Matching Items (76)

Building Thermal Performance Varies During Extreme Heat within Cities

Description

This document has been superseded by our peer-reviewed publication:
Building Thermal Performance, Climate Change, and Urban Heat Vulnerability, Matthew Nahlik, Mikhail Chester, Stephanie Pincetl, David Eisenman, Deepak Sivaraman, and Paul

This document has been superseded by our peer-reviewed publication:
Building Thermal Performance, Climate Change, and Urban Heat Vulnerability, Matthew Nahlik, Mikhail Chester, Stephanie Pincetl, David Eisenman, Deepak Sivaraman, and Paul English, 2017, ASCE Journal of Infrastructure Systems, 23(3), doi:10.1061/(ASCE)IS.1943-555X.0000349

The publication is available here

The leading source of weather-related deaths in the United States is heat, and future projections show that the frequency, duration, and intensity of heat events will increase in the Southwest. Presently, there is a dearth of knowledge about how infrastructure may perform during heat waves or could contribute to social vulnerability. To understand how buildings perform in heat and potentially stress people, indoor air temperature changes when air conditioning is inaccessible are modeled for building archetypes in Los Angeles, California, and Phoenix, Arizona, when air conditioning is inaccessible is estimated.

An energy simulation model is used to estimate how quickly indoor air temperature changes when building archetypes are exposed to extreme heat. Building age and geometry (which together determine the building envelope material composition) are found to be the strongest indicators of thermal envelope performance. Older neighborhoods in Los Angeles and Phoenix (often more centrally located in the metropolitan areas) are found to contain the buildings whose interiors warm the fastest, raising particular concern because these regions are also forecast to experience temperature increases. To combat infrastructure vulnerability and provide heat refuge for residents, incentives should be adopted to strategically retrofit buildings where both socially vulnerable populations reside and increasing temperatures are forecast.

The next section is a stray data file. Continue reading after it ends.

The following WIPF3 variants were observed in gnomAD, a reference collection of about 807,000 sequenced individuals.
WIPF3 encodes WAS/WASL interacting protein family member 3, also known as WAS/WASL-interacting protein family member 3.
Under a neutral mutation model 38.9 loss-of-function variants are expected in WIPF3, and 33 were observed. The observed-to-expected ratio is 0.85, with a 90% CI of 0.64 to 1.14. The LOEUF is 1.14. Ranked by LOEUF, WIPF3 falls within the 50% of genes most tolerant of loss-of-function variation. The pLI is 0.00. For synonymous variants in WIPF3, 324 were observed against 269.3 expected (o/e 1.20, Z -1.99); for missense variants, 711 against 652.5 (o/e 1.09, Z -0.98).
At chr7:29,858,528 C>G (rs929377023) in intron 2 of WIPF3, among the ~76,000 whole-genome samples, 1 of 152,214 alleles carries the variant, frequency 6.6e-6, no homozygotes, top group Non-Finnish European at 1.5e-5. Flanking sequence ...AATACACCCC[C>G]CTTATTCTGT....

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Small Buildings, Big Impacts: Developing a Library of Small Commercial Building Energy Efficiency Case Studies

Description

Small commercial buildings, or those comprising less than 50,000 square feet of floor area, make up 90% of the total number of buildings in the United States. Though these buildings

Small commercial buildings, or those comprising less than 50,000 square feet of floor area, make up 90% of the total number of buildings in the United States. Though these buildings currently account for less than 50% of total energy consumption in the U.S., this statistic is expected to change as larger commercial buildings become more efficient and thus account for a smaller percentage of commercial building energy consumption. This paper describes the efforts of a multi-organization collaboration and their demonstration partners in developing a library of case studies that promote and facilitate energy efficiency in the small commercial buildings market as well as a case study template that standardized the library. Case studies address five identified barriers to energy efficiency in the small commercial market, specifically lack of: 1) access to centralized, comprehensive, and consistent information about how to achieve energy targets, 2) reasonably achievable energy targets, 3) access to tools that measure buildings’ progress toward targets, 4) financial incentives that make the reduction effort attractive, and 5) effective models of how disparate stakeholders can collaborate in commercial centers to reach targets. The case study library can be organized by location, ownership type, decision criteria, building type, project size, energy savings, end uses impacted, and retrofit measures. This paper discusses the process of developing the library and case study template. Finally, the paper presents next steps in demonstrating the efficacy of the library and explores energy savings potential from broad implementation.